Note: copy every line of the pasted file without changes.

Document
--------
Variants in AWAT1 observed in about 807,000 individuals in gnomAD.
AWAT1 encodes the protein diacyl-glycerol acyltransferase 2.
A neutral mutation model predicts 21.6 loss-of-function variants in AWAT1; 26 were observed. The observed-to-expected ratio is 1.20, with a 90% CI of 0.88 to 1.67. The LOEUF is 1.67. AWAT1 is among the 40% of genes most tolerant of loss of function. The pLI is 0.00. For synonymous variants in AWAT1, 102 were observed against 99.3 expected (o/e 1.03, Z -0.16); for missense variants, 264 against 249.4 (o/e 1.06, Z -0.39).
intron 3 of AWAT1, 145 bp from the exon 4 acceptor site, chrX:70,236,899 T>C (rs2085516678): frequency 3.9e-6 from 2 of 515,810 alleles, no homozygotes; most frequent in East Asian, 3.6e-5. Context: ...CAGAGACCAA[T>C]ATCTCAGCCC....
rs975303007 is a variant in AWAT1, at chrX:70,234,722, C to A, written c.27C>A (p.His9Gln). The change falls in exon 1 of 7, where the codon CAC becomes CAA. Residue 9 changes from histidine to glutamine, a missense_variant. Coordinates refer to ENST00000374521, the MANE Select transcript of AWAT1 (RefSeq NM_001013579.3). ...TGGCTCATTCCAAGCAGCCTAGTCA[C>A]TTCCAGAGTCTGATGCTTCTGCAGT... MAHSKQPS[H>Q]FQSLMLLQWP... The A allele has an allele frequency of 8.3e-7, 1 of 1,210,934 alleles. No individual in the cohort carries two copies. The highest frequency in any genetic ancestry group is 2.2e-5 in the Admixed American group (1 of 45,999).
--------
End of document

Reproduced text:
Variants in AWAT1 observed in about 807,000 individuals in gnomAD.
AWAT1 encodes the protein diacyl-glycerol acyltransferase 2.
A neutral mutation model predicts 21.6 loss-of-function variants in AWAT1; 26 were observed. The observed-to-expected ratio is 1.20, with a 90% CI of 0.88 to 1.67. The LOEUF is 1.67. AWAT1 is among the 40% of genes most tolerant of loss of function. The pLI is 0.00. For synonymous variants in AWAT1, 102 were observed against 99.3 expected (o/e 1.03, Z -0.16); for missense variants, 264 against 249.4 (o/e 1.06, Z -0.39).
intron 3 of AWAT1, 145 bp from the exon 4 acceptor site, chrX:70,236,899 T>C (rs2085516678): frequency 3.9e-6 from 2 of 515,810 alleles, no homozygotes; most frequent in East Asian, 3.6e-5. Context: ...CAGAGACCAA[T>C]ATCTCAGCCC....
rs975303007 is a variant in AWAT1, at chrX:70,234,722, C to A, written c.27C>A (p.His9Gln). The change falls in exon 1 of 7, where the codon CAC becomes CAA. Residue 9 changes from histidine to glutamine, a missense_variant. Coordinates refer to ENST00000374521, the MANE Select transcript of AWAT1 (RefSeq NM_001013579.3). ...TGGCTCATTCCAAGCAGCCTAGTCA[C>A]TTCCAGAGTCTGATGCTTCTGCAGT... MAHSKQPS[H>Q]FQSLMLLQWP... The A allele has an allele frequency of 8.3e-7, 1 of 1,210,934 alleles. No individual in the cohort carries two copies. The highest frequency in any genetic ancestry group is 2.2e-5 in the Admixed American group (1 of 45,999).